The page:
He was unable to come to a conclusion as to how to proceed in matters pertaining to his lost Cindelle. Realizing that there was no place to turn in search of her he turned his thoughts inward and secretly kept them tucked away in a place in his mind and heart that stayed gone for most of every day and only crept out in the darkness of night sometimes.

In the spring that followed there was the promise of many events that would cause the socialization of the Brinbridge’s with other families in the borough. The Sisters were all busy with making selections of fabrics and being fitted for dresses. Helen consulted Winnard briefly about erecting a pavilion in honor of the coming together of the Brinbridge’s with the Wildemere’s family. She reasoned that it would be able to be utilized for the occasion of many other future functions should the opportunities come to the manor in the future. Winnard saw it as a chance to make improvements therein and to truly make a mark that showed his talents acquired from abroad. Time ran short and he realized that it would not be completed in time for Helen’s enjoinment with Sir Le’more. Still, they mentioned the intention of the gesture at the affair that was their union. Some of the guests and new family even chose to peer in and see its developments during the festivities and celebration afterwards. The pavilion however, was not the only design in the making.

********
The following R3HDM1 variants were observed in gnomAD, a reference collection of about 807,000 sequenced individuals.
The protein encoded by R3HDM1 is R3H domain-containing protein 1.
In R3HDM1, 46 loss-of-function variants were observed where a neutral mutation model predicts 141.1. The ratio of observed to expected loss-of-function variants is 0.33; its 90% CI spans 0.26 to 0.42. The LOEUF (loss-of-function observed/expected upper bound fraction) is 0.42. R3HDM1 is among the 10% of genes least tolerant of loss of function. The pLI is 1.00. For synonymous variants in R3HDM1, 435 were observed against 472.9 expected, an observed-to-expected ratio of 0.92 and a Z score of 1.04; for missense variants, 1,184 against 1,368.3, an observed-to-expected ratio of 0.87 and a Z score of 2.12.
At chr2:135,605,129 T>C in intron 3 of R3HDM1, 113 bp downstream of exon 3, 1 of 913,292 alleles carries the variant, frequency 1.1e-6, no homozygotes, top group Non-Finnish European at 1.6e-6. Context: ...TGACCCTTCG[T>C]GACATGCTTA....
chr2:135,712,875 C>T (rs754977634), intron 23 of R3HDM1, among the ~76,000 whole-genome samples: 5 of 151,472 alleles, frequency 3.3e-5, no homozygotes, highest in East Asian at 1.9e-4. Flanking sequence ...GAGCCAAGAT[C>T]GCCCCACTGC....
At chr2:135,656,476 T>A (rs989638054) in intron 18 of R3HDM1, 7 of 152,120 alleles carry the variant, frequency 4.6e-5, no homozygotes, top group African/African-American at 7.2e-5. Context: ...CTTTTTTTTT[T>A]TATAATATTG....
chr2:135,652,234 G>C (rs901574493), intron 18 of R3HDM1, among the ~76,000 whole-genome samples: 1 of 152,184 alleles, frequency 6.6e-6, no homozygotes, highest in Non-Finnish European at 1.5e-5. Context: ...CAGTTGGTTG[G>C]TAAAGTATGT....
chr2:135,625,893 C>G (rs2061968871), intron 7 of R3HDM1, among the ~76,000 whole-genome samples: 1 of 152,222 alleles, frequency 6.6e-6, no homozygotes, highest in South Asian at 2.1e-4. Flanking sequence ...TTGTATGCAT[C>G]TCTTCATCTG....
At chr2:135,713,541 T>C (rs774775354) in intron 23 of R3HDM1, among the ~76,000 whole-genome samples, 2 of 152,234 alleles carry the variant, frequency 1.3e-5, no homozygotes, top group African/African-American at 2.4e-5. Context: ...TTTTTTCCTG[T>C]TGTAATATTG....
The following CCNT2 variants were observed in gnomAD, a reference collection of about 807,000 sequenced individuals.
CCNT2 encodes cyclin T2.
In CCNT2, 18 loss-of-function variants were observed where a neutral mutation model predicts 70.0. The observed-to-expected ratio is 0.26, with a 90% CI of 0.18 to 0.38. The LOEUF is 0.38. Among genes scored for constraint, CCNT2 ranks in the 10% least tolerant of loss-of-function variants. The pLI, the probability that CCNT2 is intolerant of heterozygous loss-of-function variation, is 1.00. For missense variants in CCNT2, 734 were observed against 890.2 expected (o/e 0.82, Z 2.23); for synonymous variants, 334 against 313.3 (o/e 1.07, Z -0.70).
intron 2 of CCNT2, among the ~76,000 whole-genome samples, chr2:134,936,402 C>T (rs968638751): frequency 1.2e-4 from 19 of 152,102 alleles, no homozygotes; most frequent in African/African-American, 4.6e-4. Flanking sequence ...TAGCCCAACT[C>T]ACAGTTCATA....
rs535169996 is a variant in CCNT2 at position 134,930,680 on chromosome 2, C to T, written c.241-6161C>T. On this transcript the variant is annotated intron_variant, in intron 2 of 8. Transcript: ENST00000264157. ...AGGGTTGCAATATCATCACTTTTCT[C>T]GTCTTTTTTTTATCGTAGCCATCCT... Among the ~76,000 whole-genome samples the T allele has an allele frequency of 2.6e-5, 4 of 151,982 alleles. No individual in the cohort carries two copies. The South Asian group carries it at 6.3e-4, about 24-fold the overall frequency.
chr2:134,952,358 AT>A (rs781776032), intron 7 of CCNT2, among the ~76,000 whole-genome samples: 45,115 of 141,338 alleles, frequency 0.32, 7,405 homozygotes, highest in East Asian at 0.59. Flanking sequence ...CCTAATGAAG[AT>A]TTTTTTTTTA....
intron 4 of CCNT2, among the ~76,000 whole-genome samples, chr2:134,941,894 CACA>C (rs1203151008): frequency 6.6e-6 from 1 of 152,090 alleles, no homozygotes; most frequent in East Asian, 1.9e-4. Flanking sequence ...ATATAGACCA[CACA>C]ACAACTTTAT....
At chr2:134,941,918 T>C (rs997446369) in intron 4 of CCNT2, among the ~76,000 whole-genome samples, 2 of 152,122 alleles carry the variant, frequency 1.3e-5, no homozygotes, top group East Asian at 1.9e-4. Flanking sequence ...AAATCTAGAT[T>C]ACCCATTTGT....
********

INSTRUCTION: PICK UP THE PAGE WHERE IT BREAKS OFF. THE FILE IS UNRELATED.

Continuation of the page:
“Your plans are spectacular Count Brinbridge.” It was Countess Ajita who found him standing nearby his work in progress. She said this to him admiringly. He could not ignore the look of adoration on her face.

“It is coming along according to plans. I only wish that my sister, the newest Lady Wildemere, had the idea earlier. It might have been complete for this occasion.”

“Yes. It is not often that we come by the opportunity to see the process of works. I count it as an addition to the artful qualities in the manor. The remarkable oil painting in your library of the Bridge Danneker is particularly fascinating,” Ajita said.